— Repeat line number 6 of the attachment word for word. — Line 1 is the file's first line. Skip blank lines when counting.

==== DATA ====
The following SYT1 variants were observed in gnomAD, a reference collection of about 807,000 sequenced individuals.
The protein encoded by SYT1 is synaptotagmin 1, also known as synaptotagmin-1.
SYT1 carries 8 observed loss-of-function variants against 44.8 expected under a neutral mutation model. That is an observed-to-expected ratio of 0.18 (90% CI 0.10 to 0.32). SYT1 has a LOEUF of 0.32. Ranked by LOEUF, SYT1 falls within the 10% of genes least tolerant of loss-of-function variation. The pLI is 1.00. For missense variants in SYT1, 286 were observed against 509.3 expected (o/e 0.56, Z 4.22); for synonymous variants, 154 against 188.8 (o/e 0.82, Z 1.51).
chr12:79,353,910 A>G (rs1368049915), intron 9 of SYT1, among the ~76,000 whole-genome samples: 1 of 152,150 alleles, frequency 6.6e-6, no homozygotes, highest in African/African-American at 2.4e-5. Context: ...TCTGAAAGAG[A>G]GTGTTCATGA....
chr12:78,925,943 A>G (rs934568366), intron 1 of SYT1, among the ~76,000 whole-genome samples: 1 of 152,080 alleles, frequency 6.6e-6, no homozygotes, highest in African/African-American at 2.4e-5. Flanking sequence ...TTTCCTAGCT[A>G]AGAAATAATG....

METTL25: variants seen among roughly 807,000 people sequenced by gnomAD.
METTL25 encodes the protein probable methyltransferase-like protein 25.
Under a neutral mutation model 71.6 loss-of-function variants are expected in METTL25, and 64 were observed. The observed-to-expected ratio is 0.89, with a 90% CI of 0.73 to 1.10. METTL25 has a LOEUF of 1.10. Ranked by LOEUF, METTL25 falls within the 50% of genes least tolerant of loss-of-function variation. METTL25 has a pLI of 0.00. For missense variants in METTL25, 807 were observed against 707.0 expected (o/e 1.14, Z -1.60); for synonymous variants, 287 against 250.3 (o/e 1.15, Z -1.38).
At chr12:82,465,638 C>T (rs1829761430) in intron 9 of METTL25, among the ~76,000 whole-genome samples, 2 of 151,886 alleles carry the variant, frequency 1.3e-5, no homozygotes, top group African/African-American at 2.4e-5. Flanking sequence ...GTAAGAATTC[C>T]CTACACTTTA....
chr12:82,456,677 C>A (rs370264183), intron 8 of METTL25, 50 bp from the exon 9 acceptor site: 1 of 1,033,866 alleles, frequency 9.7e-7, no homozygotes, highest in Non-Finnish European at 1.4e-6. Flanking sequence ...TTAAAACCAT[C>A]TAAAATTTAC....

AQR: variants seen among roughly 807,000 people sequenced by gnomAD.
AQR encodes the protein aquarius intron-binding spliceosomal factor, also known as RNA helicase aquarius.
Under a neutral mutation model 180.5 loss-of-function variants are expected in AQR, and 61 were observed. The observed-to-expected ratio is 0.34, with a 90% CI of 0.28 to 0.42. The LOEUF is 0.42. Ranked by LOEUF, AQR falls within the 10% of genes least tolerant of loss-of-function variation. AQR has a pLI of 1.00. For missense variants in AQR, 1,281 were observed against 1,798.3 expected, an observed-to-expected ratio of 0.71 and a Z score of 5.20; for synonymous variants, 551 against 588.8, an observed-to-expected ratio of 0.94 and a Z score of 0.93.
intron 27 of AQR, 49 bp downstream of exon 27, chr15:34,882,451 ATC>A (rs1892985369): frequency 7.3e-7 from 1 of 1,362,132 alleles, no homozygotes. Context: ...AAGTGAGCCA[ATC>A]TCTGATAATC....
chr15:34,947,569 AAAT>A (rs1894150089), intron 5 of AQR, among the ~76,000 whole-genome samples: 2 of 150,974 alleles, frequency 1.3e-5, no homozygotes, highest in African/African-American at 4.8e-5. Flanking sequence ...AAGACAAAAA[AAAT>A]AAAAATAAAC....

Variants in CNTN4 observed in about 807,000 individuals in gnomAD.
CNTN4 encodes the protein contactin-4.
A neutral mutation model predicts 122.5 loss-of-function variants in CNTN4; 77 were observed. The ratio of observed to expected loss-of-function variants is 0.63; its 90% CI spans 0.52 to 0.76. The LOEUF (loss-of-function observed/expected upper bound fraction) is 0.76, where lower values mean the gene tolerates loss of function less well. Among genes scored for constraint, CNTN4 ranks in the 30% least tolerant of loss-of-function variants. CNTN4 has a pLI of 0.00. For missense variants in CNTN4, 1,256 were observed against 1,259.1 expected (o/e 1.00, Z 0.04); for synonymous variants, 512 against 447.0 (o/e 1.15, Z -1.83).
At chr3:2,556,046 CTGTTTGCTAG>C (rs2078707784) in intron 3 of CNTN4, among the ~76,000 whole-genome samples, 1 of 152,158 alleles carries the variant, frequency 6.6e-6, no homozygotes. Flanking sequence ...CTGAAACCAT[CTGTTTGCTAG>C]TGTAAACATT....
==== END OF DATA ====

METTL25: variants seen among roughly 807,000 people sequenced by gnomAD.